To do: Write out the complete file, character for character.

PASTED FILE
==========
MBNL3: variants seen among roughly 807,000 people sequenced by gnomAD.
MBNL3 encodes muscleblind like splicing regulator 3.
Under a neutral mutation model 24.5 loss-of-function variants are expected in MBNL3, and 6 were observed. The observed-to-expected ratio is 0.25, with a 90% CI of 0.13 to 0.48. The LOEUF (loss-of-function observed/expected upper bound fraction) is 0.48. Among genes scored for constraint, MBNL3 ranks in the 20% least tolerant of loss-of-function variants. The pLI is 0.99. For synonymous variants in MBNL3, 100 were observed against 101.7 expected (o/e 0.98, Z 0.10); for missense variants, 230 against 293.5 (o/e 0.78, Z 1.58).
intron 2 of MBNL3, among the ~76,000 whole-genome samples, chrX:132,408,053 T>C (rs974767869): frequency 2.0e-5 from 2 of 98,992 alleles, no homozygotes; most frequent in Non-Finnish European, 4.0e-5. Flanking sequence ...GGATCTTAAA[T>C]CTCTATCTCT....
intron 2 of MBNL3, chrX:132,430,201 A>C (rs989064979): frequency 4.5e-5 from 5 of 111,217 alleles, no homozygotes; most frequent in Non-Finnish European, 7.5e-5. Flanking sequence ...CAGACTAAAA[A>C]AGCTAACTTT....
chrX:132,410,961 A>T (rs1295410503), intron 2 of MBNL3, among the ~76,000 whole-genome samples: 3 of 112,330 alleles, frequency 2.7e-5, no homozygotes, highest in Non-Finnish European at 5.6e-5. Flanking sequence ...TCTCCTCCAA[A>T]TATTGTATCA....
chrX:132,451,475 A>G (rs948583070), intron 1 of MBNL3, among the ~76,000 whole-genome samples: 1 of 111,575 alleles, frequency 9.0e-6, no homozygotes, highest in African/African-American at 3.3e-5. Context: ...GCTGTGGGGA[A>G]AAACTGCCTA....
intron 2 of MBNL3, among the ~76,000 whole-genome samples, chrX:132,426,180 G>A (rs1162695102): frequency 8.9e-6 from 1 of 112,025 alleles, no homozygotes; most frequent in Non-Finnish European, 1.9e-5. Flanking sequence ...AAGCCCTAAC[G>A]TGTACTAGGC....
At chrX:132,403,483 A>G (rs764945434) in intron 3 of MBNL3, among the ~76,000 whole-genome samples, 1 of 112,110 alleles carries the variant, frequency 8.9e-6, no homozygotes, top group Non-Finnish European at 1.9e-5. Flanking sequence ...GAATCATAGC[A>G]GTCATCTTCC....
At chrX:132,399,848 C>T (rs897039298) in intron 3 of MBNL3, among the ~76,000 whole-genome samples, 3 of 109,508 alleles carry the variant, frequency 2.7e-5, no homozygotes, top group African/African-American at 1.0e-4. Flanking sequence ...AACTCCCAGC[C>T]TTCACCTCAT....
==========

MBNL3: variants seen among roughly 807,000 people sequenced by gnomAD.
MBNL3 encodes muscleblind like splicing regulator 3.
Under a neutral mutation model 24.5 loss-of-function variants are expected in MBNL3, and 6 were observed. The observed-to-expected ratio is 0.25, with a 90% CI of 0.13 to 0.48. The LOEUF (loss-of-function observed/expected upper bound fraction) is 0.48. Among genes scored for constraint, MBNL3 ranks in the 20% least tolerant of loss-of-function variants. The pLI is 0.99. For synonymous variants in MBNL3, 100 were observed against 101.7 expected (o/e 0.98, Z 0.10); for missense variants, 230 against 293.5 (o/e 0.78, Z 1.58).
intron 2 of MBNL3, among the ~76,000 whole-genome samples, chrX:132,408,053 T>C (rs974767869): frequency 2.0e-5 from 2 of 98,992 alleles, no homozygotes; most frequent in Non-Finnish European, 4.0e-5. Flanking sequence ...GGATCTTAAA[T>C]CTCTATCTCT....
intron 2 of MBNL3, chrX:132,430,201 A>C (rs989064979): frequency 4.5e-5 from 5 of 111,217 alleles, no homozygotes; most frequent in Non-Finnish European, 7.5e-5. Flanking sequence ...CAGACTAAAA[A>C]AGCTAACTTT....
chrX:132,410,961 A>T (rs1295410503), intron 2 of MBNL3, among the ~76,000 whole-genome samples: 3 of 112,330 alleles, frequency 2.7e-5, no homozygotes, highest in Non-Finnish European at 5.6e-5. Flanking sequence ...TCTCCTCCAA[A>T]TATTGTATCA....
chrX:132,451,475 A>G (rs948583070), intron 1 of MBNL3, among the ~76,000 whole-genome samples: 1 of 111,575 alleles, frequency 9.0e-6, no homozygotes, highest in African/African-American at 3.3e-5. Context: ...GCTGTGGGGA[A>G]AAACTGCCTA....
intron 2 of MBNL3, among the ~76,000 whole-genome samples, chrX:132,426,180 G>A (rs1162695102): frequency 8.9e-6 from 1 of 112,025 alleles, no homozygotes; most frequent in Non-Finnish European, 1.9e-5. Flanking sequence ...AAGCCCTAAC[G>A]TGTACTAGGC....
At chrX:132,403,483 A>G (rs764945434) in intron 3 of MBNL3, among the ~76,000 whole-genome samples, 1 of 112,110 alleles carries the variant, frequency 8.9e-6, no homozygotes, top group Non-Finnish European at 1.9e-5. Flanking sequence ...GAATCATAGC[A>G]GTCATCTTCC....
At chrX:132,399,848 C>T (rs897039298) in intron 3 of MBNL3, among the ~76,000 whole-genome samples, 3 of 109,508 alleles carry the variant, frequency 2.7e-5, no homozygotes, top group African/African-American at 1.0e-4. Flanking sequence ...AACTCCCAGC[C>T]TTCACCTCAT....